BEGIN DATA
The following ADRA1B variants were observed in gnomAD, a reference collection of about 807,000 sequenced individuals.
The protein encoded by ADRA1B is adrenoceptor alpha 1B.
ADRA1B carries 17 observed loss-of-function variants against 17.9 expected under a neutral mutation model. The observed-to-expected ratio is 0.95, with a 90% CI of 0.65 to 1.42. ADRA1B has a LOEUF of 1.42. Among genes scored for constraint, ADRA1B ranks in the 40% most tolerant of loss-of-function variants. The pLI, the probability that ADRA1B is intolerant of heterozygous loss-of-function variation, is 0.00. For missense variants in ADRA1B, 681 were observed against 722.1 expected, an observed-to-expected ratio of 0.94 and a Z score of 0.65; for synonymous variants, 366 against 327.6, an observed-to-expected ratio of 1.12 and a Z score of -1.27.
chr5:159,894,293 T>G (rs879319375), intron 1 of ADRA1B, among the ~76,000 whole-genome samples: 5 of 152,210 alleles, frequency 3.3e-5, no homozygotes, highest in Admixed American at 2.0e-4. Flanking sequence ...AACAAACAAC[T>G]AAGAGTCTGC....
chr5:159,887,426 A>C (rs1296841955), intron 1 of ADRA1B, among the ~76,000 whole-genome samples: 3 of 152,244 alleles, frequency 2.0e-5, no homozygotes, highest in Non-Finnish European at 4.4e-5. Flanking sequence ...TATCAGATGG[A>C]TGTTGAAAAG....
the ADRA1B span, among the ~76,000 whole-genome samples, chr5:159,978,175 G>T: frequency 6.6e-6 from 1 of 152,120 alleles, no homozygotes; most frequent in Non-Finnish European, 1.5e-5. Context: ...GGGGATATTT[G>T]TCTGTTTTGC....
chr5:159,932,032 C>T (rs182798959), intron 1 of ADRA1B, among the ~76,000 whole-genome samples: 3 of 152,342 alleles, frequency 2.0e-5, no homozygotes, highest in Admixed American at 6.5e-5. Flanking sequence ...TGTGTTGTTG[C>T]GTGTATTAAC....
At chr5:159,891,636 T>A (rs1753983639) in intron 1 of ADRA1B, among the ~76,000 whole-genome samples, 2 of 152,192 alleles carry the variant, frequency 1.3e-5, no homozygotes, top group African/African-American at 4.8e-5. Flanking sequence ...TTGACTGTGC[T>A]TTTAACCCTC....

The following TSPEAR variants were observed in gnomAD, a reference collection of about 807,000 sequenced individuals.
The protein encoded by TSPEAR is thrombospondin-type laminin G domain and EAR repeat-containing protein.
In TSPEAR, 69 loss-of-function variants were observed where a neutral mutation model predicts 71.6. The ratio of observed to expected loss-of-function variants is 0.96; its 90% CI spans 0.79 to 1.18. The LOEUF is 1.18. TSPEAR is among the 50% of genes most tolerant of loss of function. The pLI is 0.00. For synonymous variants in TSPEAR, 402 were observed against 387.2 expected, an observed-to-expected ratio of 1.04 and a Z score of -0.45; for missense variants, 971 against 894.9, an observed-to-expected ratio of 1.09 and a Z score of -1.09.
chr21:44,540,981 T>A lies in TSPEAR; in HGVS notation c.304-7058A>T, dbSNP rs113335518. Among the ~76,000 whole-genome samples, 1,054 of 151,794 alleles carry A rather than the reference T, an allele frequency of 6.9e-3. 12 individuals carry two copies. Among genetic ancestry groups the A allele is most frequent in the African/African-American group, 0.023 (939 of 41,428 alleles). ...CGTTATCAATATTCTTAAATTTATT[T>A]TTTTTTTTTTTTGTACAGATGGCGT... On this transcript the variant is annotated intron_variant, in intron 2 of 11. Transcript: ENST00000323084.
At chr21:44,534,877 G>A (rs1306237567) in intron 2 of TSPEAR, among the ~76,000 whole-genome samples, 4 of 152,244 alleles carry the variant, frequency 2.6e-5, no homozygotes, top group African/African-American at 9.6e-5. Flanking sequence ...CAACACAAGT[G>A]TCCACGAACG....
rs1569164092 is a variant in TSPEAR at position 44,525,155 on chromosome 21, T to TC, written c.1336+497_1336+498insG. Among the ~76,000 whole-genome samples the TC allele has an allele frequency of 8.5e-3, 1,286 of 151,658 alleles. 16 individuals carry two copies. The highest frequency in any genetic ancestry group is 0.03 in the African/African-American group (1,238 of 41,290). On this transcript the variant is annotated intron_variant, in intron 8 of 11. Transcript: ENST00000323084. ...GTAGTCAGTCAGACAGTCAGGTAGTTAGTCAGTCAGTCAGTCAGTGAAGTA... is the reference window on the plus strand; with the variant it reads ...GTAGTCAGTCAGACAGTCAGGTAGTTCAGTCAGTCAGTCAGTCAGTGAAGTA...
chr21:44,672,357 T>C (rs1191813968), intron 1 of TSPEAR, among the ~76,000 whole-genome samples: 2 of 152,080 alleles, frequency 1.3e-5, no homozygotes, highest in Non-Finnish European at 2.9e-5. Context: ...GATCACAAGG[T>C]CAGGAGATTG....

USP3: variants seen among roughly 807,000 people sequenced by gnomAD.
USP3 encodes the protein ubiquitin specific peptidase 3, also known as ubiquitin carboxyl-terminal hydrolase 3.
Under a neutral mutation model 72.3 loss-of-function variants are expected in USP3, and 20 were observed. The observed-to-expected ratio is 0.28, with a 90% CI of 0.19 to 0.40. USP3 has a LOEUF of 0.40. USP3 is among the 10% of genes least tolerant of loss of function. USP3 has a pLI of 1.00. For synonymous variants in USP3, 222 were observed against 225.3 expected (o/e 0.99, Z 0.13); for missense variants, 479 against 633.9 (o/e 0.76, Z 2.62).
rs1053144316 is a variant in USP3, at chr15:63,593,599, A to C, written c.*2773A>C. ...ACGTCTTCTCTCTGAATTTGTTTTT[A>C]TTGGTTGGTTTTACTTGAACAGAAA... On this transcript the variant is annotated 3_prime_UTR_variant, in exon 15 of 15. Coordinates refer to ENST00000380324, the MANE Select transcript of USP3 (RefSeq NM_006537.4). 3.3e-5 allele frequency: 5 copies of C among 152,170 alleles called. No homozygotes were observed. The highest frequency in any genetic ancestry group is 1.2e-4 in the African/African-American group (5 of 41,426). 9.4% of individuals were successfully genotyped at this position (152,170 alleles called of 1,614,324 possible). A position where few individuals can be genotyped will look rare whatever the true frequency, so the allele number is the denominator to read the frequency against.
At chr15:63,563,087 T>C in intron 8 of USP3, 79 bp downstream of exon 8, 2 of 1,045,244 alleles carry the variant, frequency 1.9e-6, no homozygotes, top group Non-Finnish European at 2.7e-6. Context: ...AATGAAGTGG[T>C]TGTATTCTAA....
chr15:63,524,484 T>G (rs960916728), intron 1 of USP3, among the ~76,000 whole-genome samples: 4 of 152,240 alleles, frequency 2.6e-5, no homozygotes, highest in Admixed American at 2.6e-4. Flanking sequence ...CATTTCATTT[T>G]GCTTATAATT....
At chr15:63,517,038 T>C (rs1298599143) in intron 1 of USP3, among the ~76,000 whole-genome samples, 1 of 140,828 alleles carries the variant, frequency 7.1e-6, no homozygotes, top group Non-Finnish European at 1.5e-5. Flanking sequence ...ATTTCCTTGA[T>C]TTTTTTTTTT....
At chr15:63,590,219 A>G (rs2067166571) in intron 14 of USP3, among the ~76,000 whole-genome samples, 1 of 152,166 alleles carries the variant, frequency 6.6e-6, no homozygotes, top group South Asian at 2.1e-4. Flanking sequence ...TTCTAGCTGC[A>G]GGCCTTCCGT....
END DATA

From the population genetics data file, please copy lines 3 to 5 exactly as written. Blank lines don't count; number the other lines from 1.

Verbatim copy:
ADRA1B carries 17 observed loss-of-function variants against 17.9 expected under a neutral mutation model. The observed-to-expected ratio is 0.95, with a 90% CI of 0.65 to 1.42. ADRA1B has a LOEUF of 1.42. Among genes scored for constraint, ADRA1B ranks in the 40% most tolerant of loss-of-function variants. The pLI, the probability that ADRA1B is intolerant of heterozygous loss-of-function variation, is 0.00. For missense variants in ADRA1B, 681 were observed against 722.1 expected, an observed-to-expected ratio of 0.94 and a Z score of 0.65; for synonymous variants, 366 against 327.6, an observed-to-expected ratio of 1.12 and a Z score of -1.27.
chr5:159,894,293 T>G (rs879319375), intron 1 of ADRA1B, among the ~76,000 whole-genome samples: 5 of 152,210 alleles, frequency 3.3e-5, no homozygotes, highest in Admixed American at 2.0e-4. Flanking sequence ...AACAAACAAC[T>G]AAGAGTCTGC....
chr5:159,887,426 A>C (rs1296841955), intron 1 of ADRA1B, among the ~76,000 whole-genome samples: 3 of 152,244 alleles, frequency 2.0e-5, no homozygotes, highest in Non-Finnish European at 4.4e-5. Flanking sequence ...TATCAGATGG[A>C]TGTTGAAAAG....